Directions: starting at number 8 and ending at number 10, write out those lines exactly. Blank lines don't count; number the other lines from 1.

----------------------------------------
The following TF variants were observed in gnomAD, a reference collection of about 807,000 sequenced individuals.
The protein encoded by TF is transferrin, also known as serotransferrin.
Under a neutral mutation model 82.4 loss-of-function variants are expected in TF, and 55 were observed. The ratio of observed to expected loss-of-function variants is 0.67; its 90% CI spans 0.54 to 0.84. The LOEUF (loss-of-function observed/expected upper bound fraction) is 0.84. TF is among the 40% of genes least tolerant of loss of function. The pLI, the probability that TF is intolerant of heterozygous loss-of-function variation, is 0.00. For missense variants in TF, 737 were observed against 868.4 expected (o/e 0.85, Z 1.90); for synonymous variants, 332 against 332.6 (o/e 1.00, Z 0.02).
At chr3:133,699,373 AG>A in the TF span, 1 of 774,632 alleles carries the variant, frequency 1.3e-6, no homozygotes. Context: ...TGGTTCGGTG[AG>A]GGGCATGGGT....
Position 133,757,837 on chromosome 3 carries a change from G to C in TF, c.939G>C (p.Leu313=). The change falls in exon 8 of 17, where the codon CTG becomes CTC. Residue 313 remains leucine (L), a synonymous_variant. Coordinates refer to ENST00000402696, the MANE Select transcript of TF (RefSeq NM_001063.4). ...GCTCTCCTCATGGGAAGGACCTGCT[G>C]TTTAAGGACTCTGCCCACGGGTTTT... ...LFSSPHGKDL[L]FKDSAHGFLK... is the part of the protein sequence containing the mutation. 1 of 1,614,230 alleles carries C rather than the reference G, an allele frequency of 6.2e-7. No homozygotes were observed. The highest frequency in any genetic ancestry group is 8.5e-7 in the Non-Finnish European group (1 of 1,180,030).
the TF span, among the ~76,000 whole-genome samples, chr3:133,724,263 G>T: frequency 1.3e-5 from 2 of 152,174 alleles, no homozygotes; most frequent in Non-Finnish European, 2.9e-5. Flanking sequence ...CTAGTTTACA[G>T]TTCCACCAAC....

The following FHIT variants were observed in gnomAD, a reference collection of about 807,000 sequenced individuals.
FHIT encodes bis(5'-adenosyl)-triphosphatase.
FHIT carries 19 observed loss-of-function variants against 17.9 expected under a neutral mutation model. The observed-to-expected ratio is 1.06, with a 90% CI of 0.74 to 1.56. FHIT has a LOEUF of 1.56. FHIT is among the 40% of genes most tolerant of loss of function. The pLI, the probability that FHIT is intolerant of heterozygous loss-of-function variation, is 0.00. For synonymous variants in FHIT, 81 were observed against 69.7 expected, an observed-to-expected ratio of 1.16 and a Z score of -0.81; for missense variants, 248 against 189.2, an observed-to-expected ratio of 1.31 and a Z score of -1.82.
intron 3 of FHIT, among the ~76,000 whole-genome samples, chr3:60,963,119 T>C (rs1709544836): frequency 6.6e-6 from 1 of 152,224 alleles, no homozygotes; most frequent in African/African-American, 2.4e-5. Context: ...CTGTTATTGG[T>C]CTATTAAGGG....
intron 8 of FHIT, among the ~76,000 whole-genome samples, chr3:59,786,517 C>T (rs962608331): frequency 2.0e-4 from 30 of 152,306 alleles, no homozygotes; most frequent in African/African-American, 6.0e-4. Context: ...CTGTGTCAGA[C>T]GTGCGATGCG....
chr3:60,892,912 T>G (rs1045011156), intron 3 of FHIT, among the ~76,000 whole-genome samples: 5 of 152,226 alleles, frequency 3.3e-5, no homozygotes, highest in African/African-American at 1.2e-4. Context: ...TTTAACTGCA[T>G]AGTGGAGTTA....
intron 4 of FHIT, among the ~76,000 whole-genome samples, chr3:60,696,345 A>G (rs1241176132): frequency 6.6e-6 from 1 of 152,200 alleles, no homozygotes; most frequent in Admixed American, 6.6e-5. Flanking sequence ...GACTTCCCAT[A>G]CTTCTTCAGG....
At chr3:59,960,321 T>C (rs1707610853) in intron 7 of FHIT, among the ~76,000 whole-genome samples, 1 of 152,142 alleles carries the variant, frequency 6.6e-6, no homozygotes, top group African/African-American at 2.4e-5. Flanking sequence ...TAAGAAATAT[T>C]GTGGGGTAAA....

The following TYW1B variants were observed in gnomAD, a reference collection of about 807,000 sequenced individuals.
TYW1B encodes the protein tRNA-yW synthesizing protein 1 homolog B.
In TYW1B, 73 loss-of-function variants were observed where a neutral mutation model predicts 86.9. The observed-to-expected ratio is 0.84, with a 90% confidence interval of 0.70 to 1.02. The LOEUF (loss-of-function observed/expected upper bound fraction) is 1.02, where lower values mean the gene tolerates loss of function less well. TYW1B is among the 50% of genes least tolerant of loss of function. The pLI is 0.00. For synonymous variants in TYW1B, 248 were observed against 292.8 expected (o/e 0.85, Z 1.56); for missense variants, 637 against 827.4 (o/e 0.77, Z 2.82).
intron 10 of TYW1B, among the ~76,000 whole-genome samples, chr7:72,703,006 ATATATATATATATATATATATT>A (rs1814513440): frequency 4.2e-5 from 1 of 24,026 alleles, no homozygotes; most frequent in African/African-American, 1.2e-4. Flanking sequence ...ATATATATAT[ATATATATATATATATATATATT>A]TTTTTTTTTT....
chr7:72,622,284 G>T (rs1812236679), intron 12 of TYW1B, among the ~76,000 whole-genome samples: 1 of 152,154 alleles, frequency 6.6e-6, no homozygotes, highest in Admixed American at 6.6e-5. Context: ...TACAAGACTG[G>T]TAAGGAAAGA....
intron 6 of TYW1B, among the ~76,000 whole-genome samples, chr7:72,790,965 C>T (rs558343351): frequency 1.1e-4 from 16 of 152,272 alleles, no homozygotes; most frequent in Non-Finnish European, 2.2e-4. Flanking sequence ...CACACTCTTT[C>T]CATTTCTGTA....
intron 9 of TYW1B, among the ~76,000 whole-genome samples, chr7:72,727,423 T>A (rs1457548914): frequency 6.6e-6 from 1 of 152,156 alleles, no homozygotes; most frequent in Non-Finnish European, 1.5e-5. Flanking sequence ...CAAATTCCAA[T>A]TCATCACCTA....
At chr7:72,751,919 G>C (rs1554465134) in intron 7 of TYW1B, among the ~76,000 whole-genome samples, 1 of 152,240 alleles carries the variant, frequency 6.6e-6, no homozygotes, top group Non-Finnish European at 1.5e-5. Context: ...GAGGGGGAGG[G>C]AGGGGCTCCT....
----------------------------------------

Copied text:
FHIT encodes bis(5'-adenosyl)-triphosphatase.
FHIT carries 19 observed loss-of-function variants against 17.9 expected under a neutral mutation model. The observed-to-expected ratio is 1.06, with a 90% CI of 0.74 to 1.56. FHIT has a LOEUF of 1.56. FHIT is among the 40% of genes most tolerant of loss of function. The pLI, the probability that FHIT is intolerant of heterozygous loss-of-function variation, is 0.00. For synonymous variants in FHIT, 81 were observed against 69.7 expected, an observed-to-expected ratio of 1.16 and a Z score of -0.81; for missense variants, 248 against 189.2, an observed-to-expected ratio of 1.31 and a Z score of -1.82.
intron 3 of FHIT, among the ~76,000 whole-genome samples, chr3:60,963,119 T>C (rs1709544836): frequency 6.6e-6 from 1 of 152,224 alleles, no homozygotes; most frequent in African/African-American, 2.4e-5. Context: ...CTGTTATTGG[T>C]CTATTAAGGG....